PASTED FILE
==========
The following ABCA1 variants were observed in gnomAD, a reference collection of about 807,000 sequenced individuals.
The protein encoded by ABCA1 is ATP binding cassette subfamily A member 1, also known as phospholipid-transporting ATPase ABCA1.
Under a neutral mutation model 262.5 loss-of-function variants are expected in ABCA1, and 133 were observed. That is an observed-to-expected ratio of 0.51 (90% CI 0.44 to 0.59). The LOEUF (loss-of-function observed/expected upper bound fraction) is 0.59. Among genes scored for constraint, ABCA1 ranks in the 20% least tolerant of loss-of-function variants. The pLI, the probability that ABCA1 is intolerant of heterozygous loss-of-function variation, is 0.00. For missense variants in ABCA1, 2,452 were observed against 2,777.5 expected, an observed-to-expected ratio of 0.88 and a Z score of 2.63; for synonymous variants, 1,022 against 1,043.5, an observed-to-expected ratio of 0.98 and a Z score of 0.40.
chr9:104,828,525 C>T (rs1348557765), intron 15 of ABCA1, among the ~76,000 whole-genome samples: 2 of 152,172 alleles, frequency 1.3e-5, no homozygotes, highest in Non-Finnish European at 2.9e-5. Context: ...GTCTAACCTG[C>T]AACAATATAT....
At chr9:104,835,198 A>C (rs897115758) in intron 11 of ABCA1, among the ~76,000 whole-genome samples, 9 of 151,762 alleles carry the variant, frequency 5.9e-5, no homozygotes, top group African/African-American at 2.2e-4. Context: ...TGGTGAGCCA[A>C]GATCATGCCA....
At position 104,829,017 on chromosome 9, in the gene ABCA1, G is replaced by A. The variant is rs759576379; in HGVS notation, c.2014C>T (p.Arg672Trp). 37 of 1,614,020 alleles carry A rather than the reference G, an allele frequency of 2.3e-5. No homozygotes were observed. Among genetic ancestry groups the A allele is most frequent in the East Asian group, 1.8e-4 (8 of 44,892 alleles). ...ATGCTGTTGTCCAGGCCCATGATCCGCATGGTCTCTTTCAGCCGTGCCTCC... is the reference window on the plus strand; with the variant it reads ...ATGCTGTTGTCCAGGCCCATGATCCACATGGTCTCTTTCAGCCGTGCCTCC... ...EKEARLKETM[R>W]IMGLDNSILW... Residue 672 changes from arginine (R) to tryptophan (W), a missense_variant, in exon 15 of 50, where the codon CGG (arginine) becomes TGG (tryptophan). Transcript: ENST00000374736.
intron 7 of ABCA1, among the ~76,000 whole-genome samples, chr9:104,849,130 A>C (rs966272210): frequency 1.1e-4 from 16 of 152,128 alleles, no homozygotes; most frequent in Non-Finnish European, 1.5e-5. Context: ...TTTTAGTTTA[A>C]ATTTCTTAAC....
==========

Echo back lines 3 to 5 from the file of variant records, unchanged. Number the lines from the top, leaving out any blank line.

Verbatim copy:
Under a neutral mutation model 262.5 loss-of-function variants are expected in ABCA1, and 133 were observed. That is an observed-to-expected ratio of 0.51 (90% CI 0.44 to 0.59). The LOEUF (loss-of-function observed/expected upper bound fraction) is 0.59. Among genes scored for constraint, ABCA1 ranks in the 20% least tolerant of loss-of-function variants. The pLI, the probability that ABCA1 is intolerant of heterozygous loss-of-function variation, is 0.00. For missense variants in ABCA1, 2,452 were observed against 2,777.5 expected, an observed-to-expected ratio of 0.88 and a Z score of 2.63; for synonymous variants, 1,022 against 1,043.5, an observed-to-expected ratio of 0.98 and a Z score of 0.40.
chr9:104,828,525 C>T (rs1348557765), intron 15 of ABCA1, among the ~76,000 whole-genome samples: 2 of 152,172 alleles, frequency 1.3e-5, no homozygotes, highest in Non-Finnish European at 2.9e-5. Context: ...GTCTAACCTG[C>T]AACAATATAT....
At chr9:104,835,198 A>C (rs897115758) in intron 11 of ABCA1, among the ~76,000 whole-genome samples, 9 of 151,762 alleles carry the variant, frequency 5.9e-5, no homozygotes, top group African/African-American at 2.2e-4. Context: ...TGGTGAGCCA[A>C]GATCATGCCA....